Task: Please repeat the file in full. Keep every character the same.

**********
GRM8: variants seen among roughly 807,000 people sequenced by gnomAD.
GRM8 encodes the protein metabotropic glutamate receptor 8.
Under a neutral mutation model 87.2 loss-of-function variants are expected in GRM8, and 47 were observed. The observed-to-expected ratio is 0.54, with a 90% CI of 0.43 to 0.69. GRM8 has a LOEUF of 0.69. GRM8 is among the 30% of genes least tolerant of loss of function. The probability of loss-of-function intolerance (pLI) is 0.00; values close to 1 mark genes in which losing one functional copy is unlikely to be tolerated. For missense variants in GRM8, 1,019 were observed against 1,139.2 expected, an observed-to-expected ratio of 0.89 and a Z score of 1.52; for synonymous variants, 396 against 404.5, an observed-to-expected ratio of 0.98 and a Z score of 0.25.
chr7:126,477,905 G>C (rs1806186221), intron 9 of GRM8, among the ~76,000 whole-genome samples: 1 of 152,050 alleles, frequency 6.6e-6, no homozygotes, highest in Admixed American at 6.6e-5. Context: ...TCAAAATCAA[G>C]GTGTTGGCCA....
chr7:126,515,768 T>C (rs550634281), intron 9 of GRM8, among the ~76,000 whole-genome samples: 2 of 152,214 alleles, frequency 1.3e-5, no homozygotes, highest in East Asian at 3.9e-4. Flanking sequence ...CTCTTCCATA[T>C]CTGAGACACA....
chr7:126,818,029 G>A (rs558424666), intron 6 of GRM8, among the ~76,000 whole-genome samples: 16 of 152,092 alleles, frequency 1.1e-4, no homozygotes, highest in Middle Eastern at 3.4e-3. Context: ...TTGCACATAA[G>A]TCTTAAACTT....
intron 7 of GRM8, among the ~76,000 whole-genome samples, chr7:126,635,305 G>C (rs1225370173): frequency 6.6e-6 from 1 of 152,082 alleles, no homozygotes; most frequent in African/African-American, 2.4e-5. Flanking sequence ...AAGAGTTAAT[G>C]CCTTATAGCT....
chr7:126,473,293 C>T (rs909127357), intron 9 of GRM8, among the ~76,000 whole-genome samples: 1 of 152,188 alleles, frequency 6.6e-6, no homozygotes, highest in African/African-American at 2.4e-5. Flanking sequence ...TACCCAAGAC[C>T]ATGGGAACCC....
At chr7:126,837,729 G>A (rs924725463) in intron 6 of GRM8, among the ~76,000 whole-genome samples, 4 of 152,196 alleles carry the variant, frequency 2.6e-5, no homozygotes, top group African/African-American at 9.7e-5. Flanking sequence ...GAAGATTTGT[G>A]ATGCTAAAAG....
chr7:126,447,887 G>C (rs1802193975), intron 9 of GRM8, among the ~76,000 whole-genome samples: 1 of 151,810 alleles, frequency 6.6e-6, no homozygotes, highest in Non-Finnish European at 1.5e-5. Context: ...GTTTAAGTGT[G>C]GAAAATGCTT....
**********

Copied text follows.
GRM8: variants seen among roughly 807,000 people sequenced by gnomAD.
GRM8 encodes the protein metabotropic glutamate receptor 8.
Under a neutral mutation model 87.2 loss-of-function variants are expected in GRM8, and 47 were observed. The observed-to-expected ratio is 0.54, with a 90% CI of 0.43 to 0.69. GRM8 has a LOEUF of 0.69. GRM8 is among the 30% of genes least tolerant of loss of function. The probability of loss-of-function intolerance (pLI) is 0.00; values close to 1 mark genes in which losing one functional copy is unlikely to be tolerated. For missense variants in GRM8, 1,019 were observed against 1,139.2 expected, an observed-to-expected ratio of 0.89 and a Z score of 1.52; for synonymous variants, 396 against 404.5, an observed-to-expected ratio of 0.98 and a Z score of 0.25.
chr7:126,477,905 G>C (rs1806186221), intron 9 of GRM8, among the ~76,000 whole-genome samples: 1 of 152,050 alleles, frequency 6.6e-6, no homozygotes, highest in Admixed American at 6.6e-5. Context: ...TCAAAATCAA[G>C]GTGTTGGCCA....
chr7:126,515,768 T>C (rs550634281), intron 9 of GRM8, among the ~76,000 whole-genome samples: 2 of 152,214 alleles, frequency 1.3e-5, no homozygotes, highest in East Asian at 3.9e-4. Flanking sequence ...CTCTTCCATA[T>C]CTGAGACACA....
chr7:126,818,029 G>A (rs558424666), intron 6 of GRM8, among the ~76,000 whole-genome samples: 16 of 152,092 alleles, frequency 1.1e-4, no homozygotes, highest in Middle Eastern at 3.4e-3. Context: ...TTGCACATAA[G>A]TCTTAAACTT....
intron 7 of GRM8, among the ~76,000 whole-genome samples, chr7:126,635,305 G>C (rs1225370173): frequency 6.6e-6 from 1 of 152,082 alleles, no homozygotes; most frequent in African/African-American, 2.4e-5. Flanking sequence ...AAGAGTTAAT[G>C]CCTTATAGCT....
chr7:126,473,293 C>T (rs909127357), intron 9 of GRM8, among the ~76,000 whole-genome samples: 1 of 152,188 alleles, frequency 6.6e-6, no homozygotes, highest in African/African-American at 2.4e-5. Flanking sequence ...TACCCAAGAC[C>T]ATGGGAACCC....
At chr7:126,837,729 G>A (rs924725463) in intron 6 of GRM8, among the ~76,000 whole-genome samples, 4 of 152,196 alleles carry the variant, frequency 2.6e-5, no homozygotes, top group African/African-American at 9.7e-5. Flanking sequence ...GAAGATTTGT[G>A]ATGCTAAAAG....
chr7:126,447,887 G>C (rs1802193975), intron 9 of GRM8, among the ~76,000 whole-genome samples: 1 of 151,810 alleles, frequency 6.6e-6, no homozygotes, highest in Non-Finnish European at 1.5e-5. Context: ...GTTTAAGTGT[G>C]GAAAATGCTT....